Before jumping into this week’s article, I want to acknowledge a random, yet worthwhile tidbit: this is the 100th article I’ve written for Quiet Speculation since my return to the site a couple years ago. I’ve been writing about Magic for nearly seven years now, and the vast majority of that time was spent with this site. I look forward to the next 100 articles!
This week I want to share some thoughts on a common question I receive across various social media platforms. Whether it be Discord, Twitter, or Facebook, one common question on many folks’ mind is how to price a given Old School card.
You want the price of something new and plentiful, like Mox Amber? Just look it up on TCGplayer or Trader Tools and you will have reliable data.
That’s great when there are hundreds of copies of a card in stock, making the bid/ask spread on the card nearly zero. But this strategy doesn’t work with obscure cards that have limited stock available. So how do I approach pricing these extremely rare and valuable cards? It’s all about using the data available.
Start with Buylists
When I approach pricing of a rare Old School card, I usually want to start by establishing a broad range. From there I seek to narrow that range down as I collect more data. The easiest part of the range to identify is the low end: that should be the top buylist price for the card in question at its respective condition.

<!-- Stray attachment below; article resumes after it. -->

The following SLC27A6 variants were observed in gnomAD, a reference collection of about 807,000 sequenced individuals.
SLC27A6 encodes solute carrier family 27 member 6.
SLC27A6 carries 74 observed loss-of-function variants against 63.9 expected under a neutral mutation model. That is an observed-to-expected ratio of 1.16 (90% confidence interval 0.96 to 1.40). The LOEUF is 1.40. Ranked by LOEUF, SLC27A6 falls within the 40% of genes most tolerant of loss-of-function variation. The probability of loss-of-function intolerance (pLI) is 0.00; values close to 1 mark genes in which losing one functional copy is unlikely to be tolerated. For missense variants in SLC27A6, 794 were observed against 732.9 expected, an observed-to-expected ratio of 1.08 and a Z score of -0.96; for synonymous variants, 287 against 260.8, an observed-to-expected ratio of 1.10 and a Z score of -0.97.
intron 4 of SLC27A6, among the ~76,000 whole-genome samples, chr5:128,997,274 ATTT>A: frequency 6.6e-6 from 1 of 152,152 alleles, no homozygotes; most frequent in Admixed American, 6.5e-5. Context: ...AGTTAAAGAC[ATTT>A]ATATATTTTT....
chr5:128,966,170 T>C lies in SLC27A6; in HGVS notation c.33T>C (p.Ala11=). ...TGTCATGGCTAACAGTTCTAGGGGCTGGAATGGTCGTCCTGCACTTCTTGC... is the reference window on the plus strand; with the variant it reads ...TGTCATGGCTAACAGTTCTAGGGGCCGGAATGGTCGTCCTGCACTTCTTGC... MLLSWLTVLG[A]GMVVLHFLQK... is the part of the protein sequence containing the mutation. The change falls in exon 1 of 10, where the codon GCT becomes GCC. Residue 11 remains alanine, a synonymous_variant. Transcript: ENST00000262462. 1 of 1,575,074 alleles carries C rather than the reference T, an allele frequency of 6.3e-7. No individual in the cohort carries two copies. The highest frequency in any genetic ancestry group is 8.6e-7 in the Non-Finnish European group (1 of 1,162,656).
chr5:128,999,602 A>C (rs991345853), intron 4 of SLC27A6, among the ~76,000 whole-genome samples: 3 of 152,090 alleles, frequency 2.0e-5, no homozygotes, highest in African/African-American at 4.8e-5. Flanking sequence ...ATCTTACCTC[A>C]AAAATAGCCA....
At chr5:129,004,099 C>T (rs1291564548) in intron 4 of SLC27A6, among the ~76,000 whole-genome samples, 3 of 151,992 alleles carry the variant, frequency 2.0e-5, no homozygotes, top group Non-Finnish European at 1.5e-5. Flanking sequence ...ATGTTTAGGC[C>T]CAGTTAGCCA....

Let’s use an example—I just recently picked up a slightly to moderately played Beta Scrubland and am having trouble pricing it. The first place I look is Trader Tools to survey buylists. This data will help me find the floor—the absolute minimum number I should expect to consider when negotiating price. Here’s what I found:
If my Scrubland was near mint, this step of the research would already be complete. But unfortunately my copy is closer to SP- or MP+. So I need to do further research to identify what these shops are paying for played copies. Here’s a quick summary of the numbers from top buylists when accounting for condition.